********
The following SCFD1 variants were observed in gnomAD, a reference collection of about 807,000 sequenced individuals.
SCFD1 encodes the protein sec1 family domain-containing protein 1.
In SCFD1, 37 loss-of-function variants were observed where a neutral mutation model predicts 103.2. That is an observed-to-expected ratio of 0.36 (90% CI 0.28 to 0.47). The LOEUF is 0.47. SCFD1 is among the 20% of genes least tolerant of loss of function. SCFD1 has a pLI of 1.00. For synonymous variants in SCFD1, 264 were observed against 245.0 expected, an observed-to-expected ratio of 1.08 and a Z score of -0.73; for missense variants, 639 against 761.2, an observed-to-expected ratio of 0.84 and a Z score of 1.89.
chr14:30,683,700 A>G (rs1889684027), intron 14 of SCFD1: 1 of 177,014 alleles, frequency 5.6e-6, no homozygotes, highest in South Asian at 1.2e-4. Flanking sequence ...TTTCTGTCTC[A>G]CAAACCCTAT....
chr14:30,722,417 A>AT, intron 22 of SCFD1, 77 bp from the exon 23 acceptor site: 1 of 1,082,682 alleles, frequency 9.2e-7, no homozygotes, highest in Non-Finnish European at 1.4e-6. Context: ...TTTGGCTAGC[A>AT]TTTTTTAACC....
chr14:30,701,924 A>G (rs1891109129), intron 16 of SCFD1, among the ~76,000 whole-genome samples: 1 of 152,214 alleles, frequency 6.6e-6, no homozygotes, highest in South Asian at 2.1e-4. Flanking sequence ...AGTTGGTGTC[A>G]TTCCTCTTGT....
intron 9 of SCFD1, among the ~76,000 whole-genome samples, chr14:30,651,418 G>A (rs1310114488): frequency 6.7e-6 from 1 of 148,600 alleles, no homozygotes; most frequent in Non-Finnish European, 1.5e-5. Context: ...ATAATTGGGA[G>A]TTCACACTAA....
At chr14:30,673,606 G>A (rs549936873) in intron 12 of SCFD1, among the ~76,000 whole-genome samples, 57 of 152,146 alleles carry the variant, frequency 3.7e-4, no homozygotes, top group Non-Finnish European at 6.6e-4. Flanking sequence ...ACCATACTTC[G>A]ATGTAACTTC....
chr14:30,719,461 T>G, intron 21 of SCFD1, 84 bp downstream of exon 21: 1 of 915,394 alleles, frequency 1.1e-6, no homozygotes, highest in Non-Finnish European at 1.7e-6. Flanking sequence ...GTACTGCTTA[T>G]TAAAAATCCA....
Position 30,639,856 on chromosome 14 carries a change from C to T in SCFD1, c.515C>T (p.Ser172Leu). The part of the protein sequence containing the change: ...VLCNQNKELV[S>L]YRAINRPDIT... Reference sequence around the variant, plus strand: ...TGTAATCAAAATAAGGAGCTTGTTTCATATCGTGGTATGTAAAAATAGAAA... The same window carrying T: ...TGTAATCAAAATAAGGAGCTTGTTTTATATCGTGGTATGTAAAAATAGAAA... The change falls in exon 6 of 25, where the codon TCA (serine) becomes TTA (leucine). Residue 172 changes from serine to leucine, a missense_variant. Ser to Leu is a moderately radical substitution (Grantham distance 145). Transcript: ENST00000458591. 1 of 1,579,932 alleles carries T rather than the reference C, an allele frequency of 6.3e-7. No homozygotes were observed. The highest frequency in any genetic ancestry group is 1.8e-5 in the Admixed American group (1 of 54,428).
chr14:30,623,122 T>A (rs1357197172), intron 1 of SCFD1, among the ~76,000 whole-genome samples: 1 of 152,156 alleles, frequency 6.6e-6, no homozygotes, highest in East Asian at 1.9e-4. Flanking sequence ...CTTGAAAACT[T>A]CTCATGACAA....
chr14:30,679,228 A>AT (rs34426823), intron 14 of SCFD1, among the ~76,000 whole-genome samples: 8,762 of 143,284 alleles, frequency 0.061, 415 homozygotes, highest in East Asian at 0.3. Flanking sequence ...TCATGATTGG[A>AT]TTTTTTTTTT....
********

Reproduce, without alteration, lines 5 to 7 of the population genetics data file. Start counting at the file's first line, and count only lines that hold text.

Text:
chr14:30,722,417 A>AT, intron 22 of SCFD1, 77 bp from the exon 23 acceptor site: 1 of 1,082,682 alleles, frequency 9.2e-7, no homozygotes, highest in Non-Finnish European at 1.4e-6. Context: ...TTTGGCTAGC[A>AT]TTTTTTAACC....
chr14:30,701,924 A>G (rs1891109129), intron 16 of SCFD1, among the ~76,000 whole-genome samples: 1 of 152,214 alleles, frequency 6.6e-6, no homozygotes, highest in South Asian at 2.1e-4. Flanking sequence ...AGTTGGTGTC[A>G]TTCCTCTTGT....
intron 9 of SCFD1, among the ~76,000 whole-genome samples, chr14:30,651,418 G>A (rs1310114488): frequency 6.7e-6 from 1 of 148,600 alleles, no homozygotes; most frequent in Non-Finnish European, 1.5e-5. Context: ...ATAATTGGGA[G>A]TTCACACTAA....